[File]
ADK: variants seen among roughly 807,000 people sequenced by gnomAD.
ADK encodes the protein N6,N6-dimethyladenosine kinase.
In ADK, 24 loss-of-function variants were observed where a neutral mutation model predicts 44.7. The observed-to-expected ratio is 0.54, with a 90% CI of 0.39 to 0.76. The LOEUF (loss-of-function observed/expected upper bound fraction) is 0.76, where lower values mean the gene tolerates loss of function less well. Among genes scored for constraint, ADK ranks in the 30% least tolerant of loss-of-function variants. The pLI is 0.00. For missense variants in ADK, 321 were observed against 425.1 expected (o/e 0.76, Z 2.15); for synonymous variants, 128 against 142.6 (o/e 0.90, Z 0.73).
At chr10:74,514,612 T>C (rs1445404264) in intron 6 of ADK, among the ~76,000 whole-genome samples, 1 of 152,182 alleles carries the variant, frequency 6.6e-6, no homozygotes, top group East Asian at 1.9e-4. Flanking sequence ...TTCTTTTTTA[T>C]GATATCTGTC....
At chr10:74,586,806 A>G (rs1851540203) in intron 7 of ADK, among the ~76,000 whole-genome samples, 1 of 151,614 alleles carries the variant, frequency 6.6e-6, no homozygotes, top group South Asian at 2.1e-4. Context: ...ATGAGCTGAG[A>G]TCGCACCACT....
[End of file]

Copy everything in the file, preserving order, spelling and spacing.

ADK: variants seen among roughly 807,000 people sequenced by gnomAD.
ADK encodes the protein N6,N6-dimethyladenosine kinase.
In ADK, 24 loss-of-function variants were observed where a neutral mutation model predicts 44.7. The observed-to-expected ratio is 0.54, with a 90% CI of 0.39 to 0.76. The LOEUF (loss-of-function observed/expected upper bound fraction) is 0.76, where lower values mean the gene tolerates loss of function less well. Among genes scored for constraint, ADK ranks in the 30% least tolerant of loss-of-function variants. The pLI is 0.00. For missense variants in ADK, 321 were observed against 425.1 expected (o/e 0.76, Z 2.15); for synonymous variants, 128 against 142.6 (o/e 0.90, Z 0.73).
At chr10:74,514,612 T>C (rs1445404264) in intron 6 of ADK, among the ~76,000 whole-genome samples, 1 of 152,182 alleles carries the variant, frequency 6.6e-6, no homozygotes, top group East Asian at 1.9e-4. Flanking sequence ...TTCTTTTTTA[T>C]GATATCTGTC....
At chr10:74,586,806 A>G (rs1851540203) in intron 7 of ADK, among the ~76,000 whole-genome samples, 1 of 151,614 alleles carries the variant, frequency 6.6e-6, no homozygotes, top group South Asian at 2.1e-4. Context: ...ATGAGCTGAG[A>G]TCGCACCACT....